Sunday, October 26, 2008

Jimmy Corrigan

Throughout the comic Jimmy Corrigan, Jimmy is constantly belittled whether by images or by the people around him. Both his mother and Antonio talk down to him throughout the entire piece. While his mother does not necessarily talk down to him, she treats him as if he is still a ten year old who needs her approval for everything he does. I believe Ware uses images and supporting characters around Jimmy to show him as a small man maybe even to the extent of him being a child.

One of the main images that portray this is when Jimmy is being shown alone in his apartment. In one such image, the reader sees Jimmy sitting in a chair, much too big for him, with a pencil and paper twice the size of his body. The immense scale of this room makes Jimmy seem like an ant in comparison. Ware uses this same image many times throughout the book to show how little of a man Jimmy really is.

Another image Ware uses is of Jimmy standing in the streets of Chicago in an intersection surrounded by gigantic buildings. This paints the same picture as Jimmy in his house, but on an even bigger scale. One of the most notable times this is used is when Amy, one of the few people other than his mother and father who he has a real connection with, yells at him. Amy tells him to get away and he is seen fleeing back to his hometown where he is shown in this intersection. Ware also these characters to show us how little of a man Jimmy really is.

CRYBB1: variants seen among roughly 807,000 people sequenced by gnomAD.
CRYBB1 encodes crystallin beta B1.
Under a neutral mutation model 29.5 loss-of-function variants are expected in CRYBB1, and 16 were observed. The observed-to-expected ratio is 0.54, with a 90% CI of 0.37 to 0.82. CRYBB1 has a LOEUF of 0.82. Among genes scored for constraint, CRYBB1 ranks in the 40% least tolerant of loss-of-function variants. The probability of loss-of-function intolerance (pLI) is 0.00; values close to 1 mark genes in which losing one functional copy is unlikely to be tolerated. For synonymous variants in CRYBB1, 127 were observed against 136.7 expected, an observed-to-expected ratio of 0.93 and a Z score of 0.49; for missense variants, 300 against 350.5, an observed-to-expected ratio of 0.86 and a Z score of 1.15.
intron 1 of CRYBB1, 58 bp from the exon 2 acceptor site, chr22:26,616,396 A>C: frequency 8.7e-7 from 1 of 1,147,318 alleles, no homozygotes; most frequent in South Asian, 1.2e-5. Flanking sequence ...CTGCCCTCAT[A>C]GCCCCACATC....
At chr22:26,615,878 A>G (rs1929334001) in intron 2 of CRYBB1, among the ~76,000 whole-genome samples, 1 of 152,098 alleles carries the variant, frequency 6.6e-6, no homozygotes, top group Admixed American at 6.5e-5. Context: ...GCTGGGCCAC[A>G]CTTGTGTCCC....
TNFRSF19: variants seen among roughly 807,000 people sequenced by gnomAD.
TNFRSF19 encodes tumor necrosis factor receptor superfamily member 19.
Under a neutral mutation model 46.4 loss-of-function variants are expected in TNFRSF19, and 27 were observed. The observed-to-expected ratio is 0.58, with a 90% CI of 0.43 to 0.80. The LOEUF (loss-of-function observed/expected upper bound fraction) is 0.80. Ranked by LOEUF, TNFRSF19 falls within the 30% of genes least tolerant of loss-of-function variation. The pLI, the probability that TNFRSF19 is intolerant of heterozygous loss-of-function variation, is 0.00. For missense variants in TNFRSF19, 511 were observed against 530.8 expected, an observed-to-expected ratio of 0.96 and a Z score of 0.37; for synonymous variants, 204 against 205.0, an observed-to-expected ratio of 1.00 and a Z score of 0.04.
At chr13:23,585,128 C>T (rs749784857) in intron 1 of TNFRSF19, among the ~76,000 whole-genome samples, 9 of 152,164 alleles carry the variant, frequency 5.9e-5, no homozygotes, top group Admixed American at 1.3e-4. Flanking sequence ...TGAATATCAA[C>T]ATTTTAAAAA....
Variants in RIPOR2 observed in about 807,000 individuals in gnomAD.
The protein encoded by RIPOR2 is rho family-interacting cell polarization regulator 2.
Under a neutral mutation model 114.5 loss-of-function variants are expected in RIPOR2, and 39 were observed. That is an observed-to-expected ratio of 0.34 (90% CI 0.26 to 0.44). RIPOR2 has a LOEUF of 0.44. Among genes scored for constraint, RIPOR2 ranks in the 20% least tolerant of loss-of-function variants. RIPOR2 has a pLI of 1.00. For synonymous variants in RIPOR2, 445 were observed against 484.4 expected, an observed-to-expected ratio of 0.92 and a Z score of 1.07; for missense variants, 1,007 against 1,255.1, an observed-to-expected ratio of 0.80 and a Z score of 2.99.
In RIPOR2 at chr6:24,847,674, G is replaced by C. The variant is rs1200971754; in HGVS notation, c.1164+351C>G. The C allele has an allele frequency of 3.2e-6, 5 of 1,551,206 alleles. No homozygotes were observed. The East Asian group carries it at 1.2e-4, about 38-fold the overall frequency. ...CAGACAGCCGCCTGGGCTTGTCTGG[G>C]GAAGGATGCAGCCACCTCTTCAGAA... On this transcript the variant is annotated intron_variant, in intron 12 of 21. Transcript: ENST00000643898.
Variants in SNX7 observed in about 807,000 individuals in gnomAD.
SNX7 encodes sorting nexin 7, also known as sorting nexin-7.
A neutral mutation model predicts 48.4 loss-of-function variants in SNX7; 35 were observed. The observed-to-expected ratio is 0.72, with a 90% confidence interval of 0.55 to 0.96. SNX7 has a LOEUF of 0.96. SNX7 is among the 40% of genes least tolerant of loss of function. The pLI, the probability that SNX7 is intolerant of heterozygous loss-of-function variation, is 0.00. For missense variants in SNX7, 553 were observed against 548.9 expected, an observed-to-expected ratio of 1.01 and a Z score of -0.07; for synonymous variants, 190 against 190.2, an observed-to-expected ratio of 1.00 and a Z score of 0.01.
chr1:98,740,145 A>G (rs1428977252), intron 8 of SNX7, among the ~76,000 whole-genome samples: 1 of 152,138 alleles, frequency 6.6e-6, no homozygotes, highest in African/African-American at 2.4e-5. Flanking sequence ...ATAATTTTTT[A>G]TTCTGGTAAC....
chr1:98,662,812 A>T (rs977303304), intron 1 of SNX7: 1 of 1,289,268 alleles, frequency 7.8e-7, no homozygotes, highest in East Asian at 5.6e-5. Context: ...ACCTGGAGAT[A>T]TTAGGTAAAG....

Of the few acquaintances Jimmy has in his life they all seem to treat him as if he is a little kid. The most evident example of this is with his mom. His mom calls him every second of every day to check up on him. His dad also treats him like a child. One good image of this is when Jimmy gets hit by a truck and is taken to the doctor’s office. During this scene, you see Jimmy in a doctor’s office sitting on a table while his dad talks to the doctor. When I was reading this part, I just kept thinking how it looks oddly similar to whenever I would go to the doctor’s office as a kid.

Chris Ware uses many different methods to show the childlike attributes of Jimmy Corrigan, whether it is his minuscule size in comparison to the objects around him, or his mentality when around other people. Jimmy never tries to take charge in any way or change how people see him. The people around him always hold him down and treat him as if he were not really a man. Jimmy, surrounded by all these people, does not start coming into his own until the very end of the book when the people around him start fading out of the picture.

1 comment:

Adam Johns said...

Good idea, but you rush through the execution of it, with some sloppy writing and mistakes along the way. The thing that I most wanted here, though, was some sort of response from you. What do you *do* with this sit of images, and with your idea that these particular images are central to the book in some way (at least I assume so, since you bothered to write about them...)